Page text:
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Your Healthy Home: Reduce your exposure to hidden chemicals

Do you shop for non-toxic cosmetics and other personal care products? Choose only water bottles and food storage containers free of BPA? If you do, you’re wisely avoiding exposure to harmful chemicals, and protecting yourself and your family from potential health issues. But have you thought about other chemical dangers in your home? You may be surprised to learn that the materials in our buildings and
furniture may contain volatile organic compounds (VOCs) – chemicals that enter the air as gases from some solids or liquids – or other harmful chemicals. Home products that can contain such chemicals include paints and varnishes, furniture upholstery, carpets and vinyl flooring, and pesticides. VOCs can accumulate in the air and settle in household dust, leading to absorption through inhalation and by touching contaminated surfaces. Although not all VOCs are harmful, there are a host of potential health issues associated with different VOCs, including eye, nose and throat irritation; headaches, dizziness and nausea; damage to liver, kidney, and central nervous system; and possibly increased cancer risk. To help protect yourself and your family from VOCs:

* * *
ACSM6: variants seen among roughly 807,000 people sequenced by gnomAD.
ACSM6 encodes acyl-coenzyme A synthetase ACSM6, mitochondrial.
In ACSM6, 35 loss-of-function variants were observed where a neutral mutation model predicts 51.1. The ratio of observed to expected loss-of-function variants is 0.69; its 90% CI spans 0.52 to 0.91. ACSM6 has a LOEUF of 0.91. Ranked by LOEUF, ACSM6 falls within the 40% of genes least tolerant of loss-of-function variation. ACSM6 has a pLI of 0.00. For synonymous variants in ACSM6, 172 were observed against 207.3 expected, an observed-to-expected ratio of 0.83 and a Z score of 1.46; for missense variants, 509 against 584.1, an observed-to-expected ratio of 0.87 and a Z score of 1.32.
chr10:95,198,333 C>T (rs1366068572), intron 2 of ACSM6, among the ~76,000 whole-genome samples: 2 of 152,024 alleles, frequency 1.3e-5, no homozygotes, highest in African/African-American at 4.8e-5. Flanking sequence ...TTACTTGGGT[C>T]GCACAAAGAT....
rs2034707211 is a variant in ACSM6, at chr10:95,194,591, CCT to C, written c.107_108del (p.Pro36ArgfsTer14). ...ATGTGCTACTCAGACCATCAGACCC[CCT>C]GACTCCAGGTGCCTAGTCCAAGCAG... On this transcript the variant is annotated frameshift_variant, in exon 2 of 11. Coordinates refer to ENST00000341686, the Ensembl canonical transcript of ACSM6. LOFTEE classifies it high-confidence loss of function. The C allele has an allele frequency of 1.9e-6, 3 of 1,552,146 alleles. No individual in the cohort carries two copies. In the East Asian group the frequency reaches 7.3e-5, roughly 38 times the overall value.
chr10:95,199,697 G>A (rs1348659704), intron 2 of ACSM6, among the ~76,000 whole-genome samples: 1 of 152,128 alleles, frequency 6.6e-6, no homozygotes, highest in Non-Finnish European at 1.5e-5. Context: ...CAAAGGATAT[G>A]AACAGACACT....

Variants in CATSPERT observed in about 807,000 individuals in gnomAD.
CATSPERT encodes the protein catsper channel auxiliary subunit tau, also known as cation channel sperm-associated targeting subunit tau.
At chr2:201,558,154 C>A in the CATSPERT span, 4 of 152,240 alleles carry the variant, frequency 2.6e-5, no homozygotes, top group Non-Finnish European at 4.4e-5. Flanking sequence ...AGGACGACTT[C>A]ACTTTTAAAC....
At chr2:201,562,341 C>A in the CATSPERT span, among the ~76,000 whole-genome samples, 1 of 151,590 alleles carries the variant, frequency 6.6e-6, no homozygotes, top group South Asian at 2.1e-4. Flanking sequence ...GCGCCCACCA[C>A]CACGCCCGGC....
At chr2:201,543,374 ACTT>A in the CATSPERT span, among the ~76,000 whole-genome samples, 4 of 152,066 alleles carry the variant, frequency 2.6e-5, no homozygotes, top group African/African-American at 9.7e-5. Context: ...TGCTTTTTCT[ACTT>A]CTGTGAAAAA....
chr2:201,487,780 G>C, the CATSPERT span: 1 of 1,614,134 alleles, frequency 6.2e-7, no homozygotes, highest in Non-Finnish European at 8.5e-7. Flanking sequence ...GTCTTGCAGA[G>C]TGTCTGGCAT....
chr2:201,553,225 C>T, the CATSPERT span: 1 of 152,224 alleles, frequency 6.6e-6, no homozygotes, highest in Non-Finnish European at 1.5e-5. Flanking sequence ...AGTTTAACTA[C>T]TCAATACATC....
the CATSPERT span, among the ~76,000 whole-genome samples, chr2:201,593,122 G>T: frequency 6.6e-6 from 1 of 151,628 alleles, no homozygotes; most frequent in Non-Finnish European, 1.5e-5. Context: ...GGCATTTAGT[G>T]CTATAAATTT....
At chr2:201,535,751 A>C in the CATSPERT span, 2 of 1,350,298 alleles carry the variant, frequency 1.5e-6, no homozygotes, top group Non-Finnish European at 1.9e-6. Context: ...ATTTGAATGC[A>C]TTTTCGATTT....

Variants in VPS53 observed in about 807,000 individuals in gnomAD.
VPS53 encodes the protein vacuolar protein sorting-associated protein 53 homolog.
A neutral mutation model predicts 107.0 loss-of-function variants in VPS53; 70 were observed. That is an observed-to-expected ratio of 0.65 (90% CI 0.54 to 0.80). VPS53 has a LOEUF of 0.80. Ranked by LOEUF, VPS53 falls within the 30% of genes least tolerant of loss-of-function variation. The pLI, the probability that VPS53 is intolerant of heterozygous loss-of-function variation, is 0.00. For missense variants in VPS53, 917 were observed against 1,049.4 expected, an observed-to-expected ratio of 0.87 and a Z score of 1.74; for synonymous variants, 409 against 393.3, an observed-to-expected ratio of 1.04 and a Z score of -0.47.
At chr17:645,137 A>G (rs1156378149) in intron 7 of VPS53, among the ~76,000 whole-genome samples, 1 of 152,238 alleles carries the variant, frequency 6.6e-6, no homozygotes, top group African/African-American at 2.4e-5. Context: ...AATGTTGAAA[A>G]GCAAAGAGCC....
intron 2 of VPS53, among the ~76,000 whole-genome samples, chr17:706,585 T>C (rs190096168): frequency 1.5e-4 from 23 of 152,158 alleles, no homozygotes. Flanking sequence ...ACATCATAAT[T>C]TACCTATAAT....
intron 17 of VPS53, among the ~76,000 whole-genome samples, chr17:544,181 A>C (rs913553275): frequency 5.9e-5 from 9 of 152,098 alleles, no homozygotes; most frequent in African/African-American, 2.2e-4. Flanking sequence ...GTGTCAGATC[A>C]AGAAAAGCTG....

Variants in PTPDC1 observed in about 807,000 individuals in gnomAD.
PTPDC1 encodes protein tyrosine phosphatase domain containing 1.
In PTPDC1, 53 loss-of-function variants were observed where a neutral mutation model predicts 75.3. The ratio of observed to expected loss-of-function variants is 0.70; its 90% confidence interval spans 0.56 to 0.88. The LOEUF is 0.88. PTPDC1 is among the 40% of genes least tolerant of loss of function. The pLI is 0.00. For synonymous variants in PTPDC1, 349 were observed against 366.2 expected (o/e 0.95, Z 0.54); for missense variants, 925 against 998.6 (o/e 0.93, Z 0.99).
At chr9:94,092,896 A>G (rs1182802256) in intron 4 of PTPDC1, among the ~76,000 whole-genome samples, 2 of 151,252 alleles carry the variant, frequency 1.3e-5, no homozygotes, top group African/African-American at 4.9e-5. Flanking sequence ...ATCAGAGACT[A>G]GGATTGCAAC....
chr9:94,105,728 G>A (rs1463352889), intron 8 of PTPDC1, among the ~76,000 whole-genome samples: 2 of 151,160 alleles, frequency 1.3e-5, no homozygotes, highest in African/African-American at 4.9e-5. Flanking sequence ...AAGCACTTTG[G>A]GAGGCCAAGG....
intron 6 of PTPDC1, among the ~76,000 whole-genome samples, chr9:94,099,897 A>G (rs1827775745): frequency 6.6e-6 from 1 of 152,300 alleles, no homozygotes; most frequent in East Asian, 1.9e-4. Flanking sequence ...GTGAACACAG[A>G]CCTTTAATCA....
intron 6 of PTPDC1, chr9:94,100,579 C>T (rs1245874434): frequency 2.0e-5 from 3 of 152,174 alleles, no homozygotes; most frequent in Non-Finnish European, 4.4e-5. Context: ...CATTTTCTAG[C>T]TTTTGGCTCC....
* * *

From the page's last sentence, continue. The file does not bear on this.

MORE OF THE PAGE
• Wash hands often, especially before eating.
• Reduce dust by cleaning floors and surfaces often with a damp cloth, damp mop, or vacuum with high-efficiency particulate filter.
• Look for low-VOC paints and furniture. If you can’t tell, ask the manufacturer. And consider choosing models that have already off-gassed (emitted chemicals).
• Control the temperature and humidity in your home—the higher the temperature and humidity, the more a product will off-gas.
• If you’re laying new carpet, in addition to looking for carpeting with low VOCs, air out the space for a minimum of 72 hours afterward.
• Increase ventilation when using pesticides indoors, and remove personal items from the area.
• For indoor use, opt for water-based over oil-based paint whenever possible.